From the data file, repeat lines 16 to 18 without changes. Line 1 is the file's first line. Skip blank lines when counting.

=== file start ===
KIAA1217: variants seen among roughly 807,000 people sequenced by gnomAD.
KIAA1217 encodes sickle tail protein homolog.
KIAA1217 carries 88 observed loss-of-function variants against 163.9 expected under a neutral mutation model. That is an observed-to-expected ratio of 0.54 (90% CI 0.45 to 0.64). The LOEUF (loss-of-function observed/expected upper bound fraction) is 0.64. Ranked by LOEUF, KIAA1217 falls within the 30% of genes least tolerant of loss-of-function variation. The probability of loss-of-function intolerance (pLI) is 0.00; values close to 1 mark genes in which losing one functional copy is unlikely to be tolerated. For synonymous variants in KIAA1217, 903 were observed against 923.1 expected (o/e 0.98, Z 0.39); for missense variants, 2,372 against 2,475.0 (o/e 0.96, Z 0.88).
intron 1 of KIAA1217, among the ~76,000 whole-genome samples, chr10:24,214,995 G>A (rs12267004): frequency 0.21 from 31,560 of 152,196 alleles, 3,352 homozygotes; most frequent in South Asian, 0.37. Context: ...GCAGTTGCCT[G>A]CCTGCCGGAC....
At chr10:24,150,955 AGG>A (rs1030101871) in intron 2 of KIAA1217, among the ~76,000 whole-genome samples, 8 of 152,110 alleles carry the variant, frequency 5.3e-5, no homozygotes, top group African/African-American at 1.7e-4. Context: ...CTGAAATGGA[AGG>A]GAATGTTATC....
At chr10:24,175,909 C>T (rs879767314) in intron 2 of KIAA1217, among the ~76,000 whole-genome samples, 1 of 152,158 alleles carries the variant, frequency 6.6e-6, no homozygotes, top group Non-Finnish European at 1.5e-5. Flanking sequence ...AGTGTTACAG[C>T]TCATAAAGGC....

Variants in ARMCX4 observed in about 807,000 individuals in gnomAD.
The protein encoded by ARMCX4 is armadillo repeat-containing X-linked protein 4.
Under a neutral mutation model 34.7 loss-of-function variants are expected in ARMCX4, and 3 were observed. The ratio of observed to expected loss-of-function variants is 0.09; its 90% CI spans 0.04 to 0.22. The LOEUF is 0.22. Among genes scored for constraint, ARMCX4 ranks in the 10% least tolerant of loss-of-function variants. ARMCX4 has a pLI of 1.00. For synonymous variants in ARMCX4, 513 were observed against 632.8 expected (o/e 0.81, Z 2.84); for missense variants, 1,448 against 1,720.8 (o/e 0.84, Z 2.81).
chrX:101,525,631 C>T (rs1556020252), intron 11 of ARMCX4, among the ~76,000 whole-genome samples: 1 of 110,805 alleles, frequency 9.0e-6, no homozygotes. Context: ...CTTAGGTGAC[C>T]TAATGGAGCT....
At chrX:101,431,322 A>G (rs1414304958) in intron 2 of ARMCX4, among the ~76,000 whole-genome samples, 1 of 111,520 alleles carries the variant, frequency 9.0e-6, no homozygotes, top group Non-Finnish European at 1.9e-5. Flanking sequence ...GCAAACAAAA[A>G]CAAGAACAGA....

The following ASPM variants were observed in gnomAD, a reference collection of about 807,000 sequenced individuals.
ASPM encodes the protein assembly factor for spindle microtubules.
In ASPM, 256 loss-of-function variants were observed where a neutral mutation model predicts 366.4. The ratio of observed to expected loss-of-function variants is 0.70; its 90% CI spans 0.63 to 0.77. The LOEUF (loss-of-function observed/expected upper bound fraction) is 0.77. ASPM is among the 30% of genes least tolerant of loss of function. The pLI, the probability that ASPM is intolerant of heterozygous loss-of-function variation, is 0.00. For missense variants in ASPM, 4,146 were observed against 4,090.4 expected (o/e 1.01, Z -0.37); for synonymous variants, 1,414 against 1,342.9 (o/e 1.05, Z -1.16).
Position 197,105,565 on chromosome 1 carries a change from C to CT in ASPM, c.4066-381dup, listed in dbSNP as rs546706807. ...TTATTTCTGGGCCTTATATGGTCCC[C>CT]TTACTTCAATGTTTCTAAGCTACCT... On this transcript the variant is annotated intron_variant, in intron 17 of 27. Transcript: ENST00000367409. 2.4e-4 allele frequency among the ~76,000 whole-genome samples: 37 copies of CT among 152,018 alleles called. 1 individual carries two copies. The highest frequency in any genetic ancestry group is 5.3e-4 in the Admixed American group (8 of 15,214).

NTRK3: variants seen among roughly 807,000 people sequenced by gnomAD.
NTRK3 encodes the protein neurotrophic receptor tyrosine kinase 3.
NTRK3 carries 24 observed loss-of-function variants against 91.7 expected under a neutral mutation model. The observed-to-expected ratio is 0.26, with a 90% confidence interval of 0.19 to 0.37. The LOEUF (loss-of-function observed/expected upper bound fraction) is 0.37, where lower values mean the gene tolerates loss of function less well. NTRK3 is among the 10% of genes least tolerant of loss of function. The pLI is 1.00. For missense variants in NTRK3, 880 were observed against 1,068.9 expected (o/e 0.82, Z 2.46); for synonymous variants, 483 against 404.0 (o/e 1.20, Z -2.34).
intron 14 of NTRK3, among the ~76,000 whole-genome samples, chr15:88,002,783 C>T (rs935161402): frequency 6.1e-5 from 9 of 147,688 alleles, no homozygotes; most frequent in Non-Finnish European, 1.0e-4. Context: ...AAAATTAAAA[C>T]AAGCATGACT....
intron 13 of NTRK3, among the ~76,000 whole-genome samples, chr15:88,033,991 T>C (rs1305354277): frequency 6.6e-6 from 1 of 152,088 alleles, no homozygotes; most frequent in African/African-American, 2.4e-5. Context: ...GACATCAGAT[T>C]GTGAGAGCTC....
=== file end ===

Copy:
NTRK3: variants seen among roughly 807,000 people sequenced by gnomAD.
NTRK3 encodes the protein neurotrophic receptor tyrosine kinase 3.
NTRK3 carries 24 observed loss-of-function variants against 91.7 expected under a neutral mutation model. The observed-to-expected ratio is 0.26, with a 90% confidence interval of 0.19 to 0.37. The LOEUF (loss-of-function observed/expected upper bound fraction) is 0.37, where lower values mean the gene tolerates loss of function less well. NTRK3 is among the 10% of genes least tolerant of loss of function. The pLI is 1.00. For missense variants in NTRK3, 880 were observed against 1,068.9 expected (o/e 0.82, Z 2.46); for synonymous variants, 483 against 404.0 (o/e 1.20, Z -2.34).